Not raising the debt ceiling enough to get us through the 2012 elections is not good news for President Obama, because it makes government spending a central issue of the election, which is not a good topic for the president.

My guess is that President Obama will acquiesce to the will of Congress, and will sign a shorter-term bill than he would like, and will use it to show that he can compromise.  However, a short-term debt limit increase will set us on a path to where the president can demonstrate to Congress that he can cut spending, which is something I would be worried about if I were a member of Congress.  I wrote about this last week… the Republicans don’t trust Democrats to actually implement spending cuts.  If, over the next six months, the president can demonstrate that he can implement spending cuts, then the Republicans will be more open to revenue increases when the debt limit debate comes up again in six months.

Questions: What are your thoughts about the debt speeches last night?  Are you satisfied with any of the deals on the table in Congress now?  You can leave your comments by clicking here.

  • Broc

    Fist off I would recommend watching the two speeches via the internet to not only get the words that were spoken but also the “unspoken” communication and tone presented by both President Obama and Speaker Boehner, considering how much of communication is unspoken this is an important part to observe.  Speaker Boehner came across just as House Republicans have come across during this entire debate, ideological not practical and unwilling to compromise. 
    To your complaint about blaming Bush…considering we are still picking up the pieces of our broken economy which President BUSH’s terms got us…yes President Obama can still reference President Bush to remind people of where we are coming from in 2008 to where we are now. 
    “…It won’t increase the debt ceiling enough to get us through the 2012 election, but will raise it enough to get us through our current crisis…”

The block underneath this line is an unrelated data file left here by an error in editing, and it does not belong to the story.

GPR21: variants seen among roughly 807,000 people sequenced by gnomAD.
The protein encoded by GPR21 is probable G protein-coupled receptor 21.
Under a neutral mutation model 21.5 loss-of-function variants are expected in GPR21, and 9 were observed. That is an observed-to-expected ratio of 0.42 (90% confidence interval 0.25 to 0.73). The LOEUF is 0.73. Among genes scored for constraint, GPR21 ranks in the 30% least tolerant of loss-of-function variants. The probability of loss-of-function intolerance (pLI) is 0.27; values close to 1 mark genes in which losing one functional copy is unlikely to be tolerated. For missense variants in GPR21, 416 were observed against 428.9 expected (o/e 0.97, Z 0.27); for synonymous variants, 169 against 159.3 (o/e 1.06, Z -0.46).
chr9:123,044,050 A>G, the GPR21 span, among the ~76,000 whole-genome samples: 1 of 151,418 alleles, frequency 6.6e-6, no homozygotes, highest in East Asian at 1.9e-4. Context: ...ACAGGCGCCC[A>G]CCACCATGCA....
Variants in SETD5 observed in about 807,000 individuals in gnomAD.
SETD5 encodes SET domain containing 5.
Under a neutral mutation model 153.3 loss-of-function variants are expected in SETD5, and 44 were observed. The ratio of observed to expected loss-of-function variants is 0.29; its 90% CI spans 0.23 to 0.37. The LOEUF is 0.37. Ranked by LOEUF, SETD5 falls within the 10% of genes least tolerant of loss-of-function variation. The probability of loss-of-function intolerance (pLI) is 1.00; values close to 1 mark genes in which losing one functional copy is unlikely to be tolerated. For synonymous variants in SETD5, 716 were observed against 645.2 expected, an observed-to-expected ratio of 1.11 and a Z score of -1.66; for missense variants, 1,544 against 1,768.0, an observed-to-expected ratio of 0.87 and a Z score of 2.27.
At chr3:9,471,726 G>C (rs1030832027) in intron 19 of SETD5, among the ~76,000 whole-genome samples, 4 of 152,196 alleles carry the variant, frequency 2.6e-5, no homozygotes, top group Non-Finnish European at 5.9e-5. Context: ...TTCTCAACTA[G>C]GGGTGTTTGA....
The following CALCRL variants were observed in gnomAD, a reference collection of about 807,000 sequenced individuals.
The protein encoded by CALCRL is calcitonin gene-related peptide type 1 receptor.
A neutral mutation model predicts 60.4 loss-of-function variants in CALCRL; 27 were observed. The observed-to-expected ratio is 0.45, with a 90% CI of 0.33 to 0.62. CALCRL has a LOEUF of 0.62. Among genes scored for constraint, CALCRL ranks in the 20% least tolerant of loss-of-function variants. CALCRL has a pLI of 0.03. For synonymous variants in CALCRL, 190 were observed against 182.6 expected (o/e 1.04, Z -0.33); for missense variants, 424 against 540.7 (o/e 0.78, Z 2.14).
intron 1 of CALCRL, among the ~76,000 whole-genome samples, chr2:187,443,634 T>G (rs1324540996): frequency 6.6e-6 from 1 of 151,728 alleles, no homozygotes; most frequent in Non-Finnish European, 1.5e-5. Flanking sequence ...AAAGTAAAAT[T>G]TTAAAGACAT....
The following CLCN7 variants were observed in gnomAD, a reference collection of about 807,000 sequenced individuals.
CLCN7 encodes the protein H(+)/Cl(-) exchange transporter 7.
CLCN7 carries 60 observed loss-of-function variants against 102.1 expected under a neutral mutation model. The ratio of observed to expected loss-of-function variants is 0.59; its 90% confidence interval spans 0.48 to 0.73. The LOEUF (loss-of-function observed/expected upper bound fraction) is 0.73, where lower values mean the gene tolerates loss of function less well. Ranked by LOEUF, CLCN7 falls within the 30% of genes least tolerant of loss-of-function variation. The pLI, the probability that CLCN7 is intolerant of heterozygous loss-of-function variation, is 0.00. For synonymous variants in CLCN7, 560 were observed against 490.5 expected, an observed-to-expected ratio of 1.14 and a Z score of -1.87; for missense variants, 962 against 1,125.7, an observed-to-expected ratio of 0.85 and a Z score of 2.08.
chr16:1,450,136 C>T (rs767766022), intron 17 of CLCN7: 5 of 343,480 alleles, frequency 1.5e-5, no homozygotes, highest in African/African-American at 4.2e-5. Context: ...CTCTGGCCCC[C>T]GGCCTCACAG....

The credit rating agencies have already signaled that if Congress does pass a short term deal which does not have serious deficit solutions they will still down grade America’s credit rating.  Which means if Speaker Boehner’s plan is put through America could still be down graded.  This is why President Obama is going after the “grand bargain”. In addition to this fact President Obama is also correct in saying this negotiation will not be any easier 6 months from now when it is closer to election time.  It will only have more partisanship and more entrenched sides.  President Obama does not want, even the chance, of America’s credit being down graded.  House Republicans seem to be willing to put further stress on America’s economy as long as President Obama does get what they view to be, any “WIN” on this debt crisis. 
    “…The Balanced Approach = serious, historic spending cuts + tax increases for the “wealthiest Americans” + tax increases for the “biggest corporations” + “raise the debt ceiling…”

    Spending cuts, entitlement reform, increase revenue, raised debt ceiling…why do you see this as “bad”
    The “grand bargain” should be the only deal on the table… these other smaller deals do not signal to the world, or America’s creditors that we are able to put politics aside to govern responsibly.  I have said over and over but I will say it again. In divided government such as we have now, with a Republican controlled House and a Democrat controlled Senate and White House, the ONLY WAY TO LEGISLATE IS COMPROMISE.  House Republicans have been unwilling to compromise to this point and from Speaker Boehner’s address they seem to care more about a pledge they gave to Grover Norquist than serving the American people. If one of these small deals are passed and America STILL gets its credit down graded, which is a real possibility, our economy will be adversely affected and this damage will be solely self-inflected.  House “Tea Party” Republicans and some Republican Presidential candidates have pushed our nation to this point with irresponsible and reckless rhetoric minimizing the effect that this crisis will have on our economy.  Interest rates will go up on student loans, car loans, home loans, credit cards, and stock markets will react unpredictably.  Business will not have certainty which we both know is a bad for the economy and job growth.  The time for games is over, the time for politics is over, it is time to do what good and right for our country and get a real deal done.  As much as House Republicans want to control all of this process they have to understand that they control 1/3 of the process, they NEED TO COMPROMISE.